In recent weeks, there has been much discussion about the diverging trends between the VIX and the Credit Suisse Fear Barometer Index (CSFB)5. Both indices are used as a gauge of market sentiment with higher readings indicating increased nervousness with investors. In recent months, the VIX has dropped significantly whereas the CSFB has steadily risen. The VIX is reflective of the market’s current anticipation of volatility over the next 30-days, annualized. The CSFB, on the other hand, is calculated as a zero-cost collar6, using three-month options. As such, there are a number of differences in the two indices, including different maturity terms of the underlying options, making a divergence possible depending on the term structure in volatility. Also worth mentioning, is that the VIX calculates volatility using options on individual companies whereas the CSFB uses index options.

Recommendation: As we noted at the onset of the year, the term structure in the VIX futures curve is currently upward sloping and relatively steep in the first three contracts, which has made a divergence between the two “fear indices” possible. The term structure for VIX can be interpreted as the market’s current expectation for volatility in the future. Although the term structure for the VIX futures changes over time, and it is possible that the term structure could flatten, the VIX is well below its long-term average and cannot get much lower. We continue to advise investors that short- and mid-term bonds should not be neglected as a risk mitigation tool and that investors should continue to maintain exposure to defensive oriented areas in the equity market.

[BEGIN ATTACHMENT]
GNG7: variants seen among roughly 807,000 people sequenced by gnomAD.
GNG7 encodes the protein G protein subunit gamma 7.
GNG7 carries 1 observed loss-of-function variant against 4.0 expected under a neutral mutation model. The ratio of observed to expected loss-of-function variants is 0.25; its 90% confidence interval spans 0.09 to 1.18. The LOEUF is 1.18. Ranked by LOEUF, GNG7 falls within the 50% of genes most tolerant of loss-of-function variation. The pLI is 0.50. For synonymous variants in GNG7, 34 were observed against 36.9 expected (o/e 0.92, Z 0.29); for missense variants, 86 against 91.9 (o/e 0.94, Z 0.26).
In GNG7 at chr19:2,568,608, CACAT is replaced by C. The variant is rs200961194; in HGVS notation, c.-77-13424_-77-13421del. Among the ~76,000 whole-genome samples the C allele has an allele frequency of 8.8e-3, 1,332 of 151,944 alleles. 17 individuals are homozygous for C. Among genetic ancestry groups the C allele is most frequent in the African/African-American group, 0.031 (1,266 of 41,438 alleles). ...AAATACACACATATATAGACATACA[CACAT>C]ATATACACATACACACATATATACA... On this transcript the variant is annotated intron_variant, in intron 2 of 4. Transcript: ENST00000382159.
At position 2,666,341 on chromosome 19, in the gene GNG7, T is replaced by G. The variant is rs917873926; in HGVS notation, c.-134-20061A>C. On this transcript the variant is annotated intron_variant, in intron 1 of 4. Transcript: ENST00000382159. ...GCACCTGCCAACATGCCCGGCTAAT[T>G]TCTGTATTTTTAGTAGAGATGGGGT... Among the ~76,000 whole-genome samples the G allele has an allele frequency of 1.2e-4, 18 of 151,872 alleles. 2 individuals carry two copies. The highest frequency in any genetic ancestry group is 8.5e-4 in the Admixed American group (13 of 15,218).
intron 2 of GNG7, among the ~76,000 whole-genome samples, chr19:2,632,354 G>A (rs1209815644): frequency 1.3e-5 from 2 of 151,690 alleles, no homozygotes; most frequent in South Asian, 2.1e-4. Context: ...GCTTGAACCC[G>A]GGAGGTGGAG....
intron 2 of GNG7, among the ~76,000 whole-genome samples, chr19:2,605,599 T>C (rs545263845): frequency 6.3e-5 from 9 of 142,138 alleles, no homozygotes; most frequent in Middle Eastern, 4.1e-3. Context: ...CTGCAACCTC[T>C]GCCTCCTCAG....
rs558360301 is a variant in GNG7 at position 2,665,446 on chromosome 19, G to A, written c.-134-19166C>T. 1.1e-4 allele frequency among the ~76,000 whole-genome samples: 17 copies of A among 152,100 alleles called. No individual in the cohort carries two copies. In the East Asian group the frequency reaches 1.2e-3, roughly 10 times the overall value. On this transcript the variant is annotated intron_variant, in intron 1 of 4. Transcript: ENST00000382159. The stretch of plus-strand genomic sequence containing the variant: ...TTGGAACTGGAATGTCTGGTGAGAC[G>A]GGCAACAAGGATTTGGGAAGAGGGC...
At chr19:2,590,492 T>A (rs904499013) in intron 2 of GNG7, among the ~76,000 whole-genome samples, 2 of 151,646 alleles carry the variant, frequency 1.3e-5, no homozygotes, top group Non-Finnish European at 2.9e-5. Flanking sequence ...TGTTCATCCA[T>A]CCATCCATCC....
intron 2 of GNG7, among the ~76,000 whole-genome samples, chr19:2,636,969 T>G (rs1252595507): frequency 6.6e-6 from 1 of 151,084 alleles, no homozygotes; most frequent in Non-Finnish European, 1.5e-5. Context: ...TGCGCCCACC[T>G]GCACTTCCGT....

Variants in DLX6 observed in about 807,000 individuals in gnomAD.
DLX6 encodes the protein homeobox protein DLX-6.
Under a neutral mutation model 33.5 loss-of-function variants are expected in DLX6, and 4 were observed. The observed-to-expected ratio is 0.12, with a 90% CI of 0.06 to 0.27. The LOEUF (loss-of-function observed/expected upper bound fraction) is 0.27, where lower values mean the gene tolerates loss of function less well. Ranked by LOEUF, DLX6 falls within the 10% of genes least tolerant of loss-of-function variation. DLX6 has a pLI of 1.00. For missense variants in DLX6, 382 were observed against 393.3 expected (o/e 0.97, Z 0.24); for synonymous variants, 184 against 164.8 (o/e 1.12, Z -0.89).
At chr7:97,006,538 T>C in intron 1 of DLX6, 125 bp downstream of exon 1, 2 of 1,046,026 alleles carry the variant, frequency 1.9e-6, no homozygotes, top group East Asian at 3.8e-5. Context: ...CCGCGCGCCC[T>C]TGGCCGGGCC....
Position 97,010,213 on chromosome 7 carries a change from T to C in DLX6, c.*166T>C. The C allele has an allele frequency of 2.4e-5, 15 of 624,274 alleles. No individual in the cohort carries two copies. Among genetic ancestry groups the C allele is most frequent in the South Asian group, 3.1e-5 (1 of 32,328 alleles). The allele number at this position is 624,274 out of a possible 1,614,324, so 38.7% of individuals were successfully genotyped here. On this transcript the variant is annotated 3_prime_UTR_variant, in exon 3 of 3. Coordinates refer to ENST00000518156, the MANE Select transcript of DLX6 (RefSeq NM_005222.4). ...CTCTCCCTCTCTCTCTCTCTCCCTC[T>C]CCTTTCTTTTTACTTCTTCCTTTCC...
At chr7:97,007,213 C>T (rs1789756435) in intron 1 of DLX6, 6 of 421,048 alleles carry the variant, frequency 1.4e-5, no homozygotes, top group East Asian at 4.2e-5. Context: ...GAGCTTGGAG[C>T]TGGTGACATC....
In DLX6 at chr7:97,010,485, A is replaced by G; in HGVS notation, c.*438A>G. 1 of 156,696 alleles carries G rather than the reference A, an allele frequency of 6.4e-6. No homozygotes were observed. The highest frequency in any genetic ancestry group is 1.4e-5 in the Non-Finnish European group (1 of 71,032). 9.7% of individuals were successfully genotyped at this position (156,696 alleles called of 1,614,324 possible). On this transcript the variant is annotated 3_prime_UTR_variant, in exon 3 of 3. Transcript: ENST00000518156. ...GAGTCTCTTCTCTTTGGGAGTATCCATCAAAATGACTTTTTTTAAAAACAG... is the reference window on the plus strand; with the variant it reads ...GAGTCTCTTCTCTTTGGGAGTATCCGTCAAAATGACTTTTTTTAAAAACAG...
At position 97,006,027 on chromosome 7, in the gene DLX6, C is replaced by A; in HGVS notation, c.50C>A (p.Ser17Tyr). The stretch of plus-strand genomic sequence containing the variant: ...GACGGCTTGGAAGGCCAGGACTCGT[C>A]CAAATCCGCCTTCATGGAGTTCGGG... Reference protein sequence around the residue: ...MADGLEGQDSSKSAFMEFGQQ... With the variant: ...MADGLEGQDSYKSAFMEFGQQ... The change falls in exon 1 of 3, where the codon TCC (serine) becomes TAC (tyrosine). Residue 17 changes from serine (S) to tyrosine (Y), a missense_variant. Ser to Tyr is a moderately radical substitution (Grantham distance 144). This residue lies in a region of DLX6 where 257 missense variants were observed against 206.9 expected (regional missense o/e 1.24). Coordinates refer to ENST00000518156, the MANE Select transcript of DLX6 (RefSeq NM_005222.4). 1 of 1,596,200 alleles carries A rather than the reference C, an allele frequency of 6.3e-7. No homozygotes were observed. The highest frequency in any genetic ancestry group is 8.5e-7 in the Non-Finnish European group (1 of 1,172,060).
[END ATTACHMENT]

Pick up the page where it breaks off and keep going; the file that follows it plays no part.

Oil prices have seen a steady rise since early October reflecting an increase in optimism of a global economic recovery. Though political turmoil has had more of a direct impact on the prices of Brent crude (Brent), West Texas Intermediate (WTI) which is more reflective of North American oil prices has seen an indirect impact due to a changing demand and supply equilibrium. Last year on September 26, we recommended investors invest in energy through our BMO S&P/TSX Equal Weight Oil & Gas Index ETF (ZEO), which has gained 13.7% on a total return basis since. Energy companies remain our top investment idea within the commodity sector based on global macro-economic and political forces. Moreover, both Brent and WTI prices tend to strengthen the first seven months of the year, which could provide an additional tail-wind for oil prices.

Recommendation: Although we would never make an investment recommendation based on seasonality alone, the tendency for oil to gain in the first half of the year does provide us with an additional reason to be positive on energy companies. However, as we mentioned last month, since oil does have a tendency to be very reactive to macro-economic risk, we continue to recommend a trailing stop-loss order of 10% on BMO S&P/TSX Equal Weight Oil & Gas Index ETF (ZEO). Investors that acted on the trade in October may also want to consider paring back their exposure to their original allocation.